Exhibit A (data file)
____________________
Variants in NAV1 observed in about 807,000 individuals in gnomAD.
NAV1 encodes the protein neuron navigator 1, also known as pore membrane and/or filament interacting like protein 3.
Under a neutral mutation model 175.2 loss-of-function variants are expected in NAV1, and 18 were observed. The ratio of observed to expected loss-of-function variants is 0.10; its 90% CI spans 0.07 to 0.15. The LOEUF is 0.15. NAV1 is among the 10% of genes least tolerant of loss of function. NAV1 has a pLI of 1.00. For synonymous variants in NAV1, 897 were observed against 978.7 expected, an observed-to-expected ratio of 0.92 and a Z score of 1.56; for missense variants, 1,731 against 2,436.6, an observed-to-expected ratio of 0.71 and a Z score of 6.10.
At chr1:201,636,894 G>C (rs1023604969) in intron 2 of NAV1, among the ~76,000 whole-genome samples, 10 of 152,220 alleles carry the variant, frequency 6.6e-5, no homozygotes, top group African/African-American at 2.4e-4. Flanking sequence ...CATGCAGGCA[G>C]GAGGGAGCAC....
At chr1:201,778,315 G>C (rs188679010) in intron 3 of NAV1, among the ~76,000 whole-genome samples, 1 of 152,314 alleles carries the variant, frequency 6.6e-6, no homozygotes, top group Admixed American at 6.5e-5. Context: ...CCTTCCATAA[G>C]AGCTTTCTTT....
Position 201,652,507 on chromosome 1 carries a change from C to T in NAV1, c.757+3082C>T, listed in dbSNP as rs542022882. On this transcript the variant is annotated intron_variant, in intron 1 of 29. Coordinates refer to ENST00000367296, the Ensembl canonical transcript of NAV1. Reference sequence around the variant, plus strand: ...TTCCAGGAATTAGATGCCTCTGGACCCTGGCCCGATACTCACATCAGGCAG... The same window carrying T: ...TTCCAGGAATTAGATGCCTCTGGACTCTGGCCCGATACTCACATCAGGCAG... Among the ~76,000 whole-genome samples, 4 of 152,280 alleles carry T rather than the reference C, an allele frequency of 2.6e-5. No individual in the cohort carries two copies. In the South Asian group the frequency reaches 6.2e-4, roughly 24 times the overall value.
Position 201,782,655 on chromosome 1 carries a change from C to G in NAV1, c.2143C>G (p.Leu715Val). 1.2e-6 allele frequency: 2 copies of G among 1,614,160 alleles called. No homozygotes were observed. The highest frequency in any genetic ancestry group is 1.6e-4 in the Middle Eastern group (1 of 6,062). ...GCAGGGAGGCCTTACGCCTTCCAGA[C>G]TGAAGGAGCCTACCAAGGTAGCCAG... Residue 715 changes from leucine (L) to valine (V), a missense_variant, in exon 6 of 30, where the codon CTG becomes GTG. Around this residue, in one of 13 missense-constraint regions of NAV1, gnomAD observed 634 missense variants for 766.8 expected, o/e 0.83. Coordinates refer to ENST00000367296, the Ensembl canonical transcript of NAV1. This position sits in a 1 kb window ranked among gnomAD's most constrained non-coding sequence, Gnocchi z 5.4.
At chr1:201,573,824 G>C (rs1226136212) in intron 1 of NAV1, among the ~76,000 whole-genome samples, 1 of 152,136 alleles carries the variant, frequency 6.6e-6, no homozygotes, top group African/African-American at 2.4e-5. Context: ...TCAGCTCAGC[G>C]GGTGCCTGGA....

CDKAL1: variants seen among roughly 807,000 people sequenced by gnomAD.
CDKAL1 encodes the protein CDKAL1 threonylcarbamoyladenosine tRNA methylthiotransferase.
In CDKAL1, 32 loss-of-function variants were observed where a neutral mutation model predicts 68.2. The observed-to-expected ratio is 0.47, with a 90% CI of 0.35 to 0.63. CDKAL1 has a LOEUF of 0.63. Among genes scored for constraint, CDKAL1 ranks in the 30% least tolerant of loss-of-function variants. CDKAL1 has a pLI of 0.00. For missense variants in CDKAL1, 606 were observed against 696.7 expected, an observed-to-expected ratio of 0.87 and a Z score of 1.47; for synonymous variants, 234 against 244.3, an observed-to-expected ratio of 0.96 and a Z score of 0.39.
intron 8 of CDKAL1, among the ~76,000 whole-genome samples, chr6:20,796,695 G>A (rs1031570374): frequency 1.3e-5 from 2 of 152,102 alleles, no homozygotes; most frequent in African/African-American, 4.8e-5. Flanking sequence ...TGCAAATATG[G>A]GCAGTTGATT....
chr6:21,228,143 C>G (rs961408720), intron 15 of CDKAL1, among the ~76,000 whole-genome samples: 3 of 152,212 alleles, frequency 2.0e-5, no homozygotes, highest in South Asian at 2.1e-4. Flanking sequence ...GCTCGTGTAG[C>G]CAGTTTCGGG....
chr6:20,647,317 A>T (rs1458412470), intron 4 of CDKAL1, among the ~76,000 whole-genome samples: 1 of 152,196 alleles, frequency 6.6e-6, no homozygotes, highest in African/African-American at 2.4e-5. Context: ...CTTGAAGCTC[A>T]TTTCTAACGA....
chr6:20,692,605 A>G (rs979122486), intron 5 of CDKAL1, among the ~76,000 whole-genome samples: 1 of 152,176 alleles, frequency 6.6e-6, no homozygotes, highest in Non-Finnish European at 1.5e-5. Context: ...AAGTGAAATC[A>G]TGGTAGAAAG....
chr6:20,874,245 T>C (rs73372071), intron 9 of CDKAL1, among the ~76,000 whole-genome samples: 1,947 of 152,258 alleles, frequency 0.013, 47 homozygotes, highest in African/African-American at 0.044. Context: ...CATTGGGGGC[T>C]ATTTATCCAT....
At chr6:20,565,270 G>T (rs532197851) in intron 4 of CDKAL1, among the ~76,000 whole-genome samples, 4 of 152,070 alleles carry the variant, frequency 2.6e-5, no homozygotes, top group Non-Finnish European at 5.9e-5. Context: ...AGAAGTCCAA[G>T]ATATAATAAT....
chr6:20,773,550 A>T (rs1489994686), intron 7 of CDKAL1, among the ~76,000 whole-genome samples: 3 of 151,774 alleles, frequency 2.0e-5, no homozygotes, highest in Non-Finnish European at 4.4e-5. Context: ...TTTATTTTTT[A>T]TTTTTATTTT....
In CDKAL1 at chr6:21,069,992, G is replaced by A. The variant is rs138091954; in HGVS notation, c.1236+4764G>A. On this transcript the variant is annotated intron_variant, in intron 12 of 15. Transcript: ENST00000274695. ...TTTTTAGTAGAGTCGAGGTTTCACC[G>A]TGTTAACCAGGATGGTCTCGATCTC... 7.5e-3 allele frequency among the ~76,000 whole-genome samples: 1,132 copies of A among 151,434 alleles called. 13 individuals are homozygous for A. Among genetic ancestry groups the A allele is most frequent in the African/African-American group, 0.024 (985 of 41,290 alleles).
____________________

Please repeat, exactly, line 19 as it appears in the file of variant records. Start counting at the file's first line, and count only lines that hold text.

In CDKAL1 at chr6:21,069,992, G is replaced by A. The variant is rs138091954; in HGVS notation, c.1236+4764G>A. On this transcript the variant is annotated intron_variant, in intron 12 of 15. Transcript: ENST00000274695. ...TTTTTAGTAGAGTCGAGGTTTCACC[G>A]TGTTAACCAGGATGGTCTCGATCTC... 7.5e-3 allele frequency among the ~76,000 whole-genome samples: 1,132 copies of A among 151,434 alleles called. 13 individuals are homozygous for A. Among genetic ancestry groups the A allele is most frequent in the African/African-American group, 0.024 (985 of 41,290 alleles).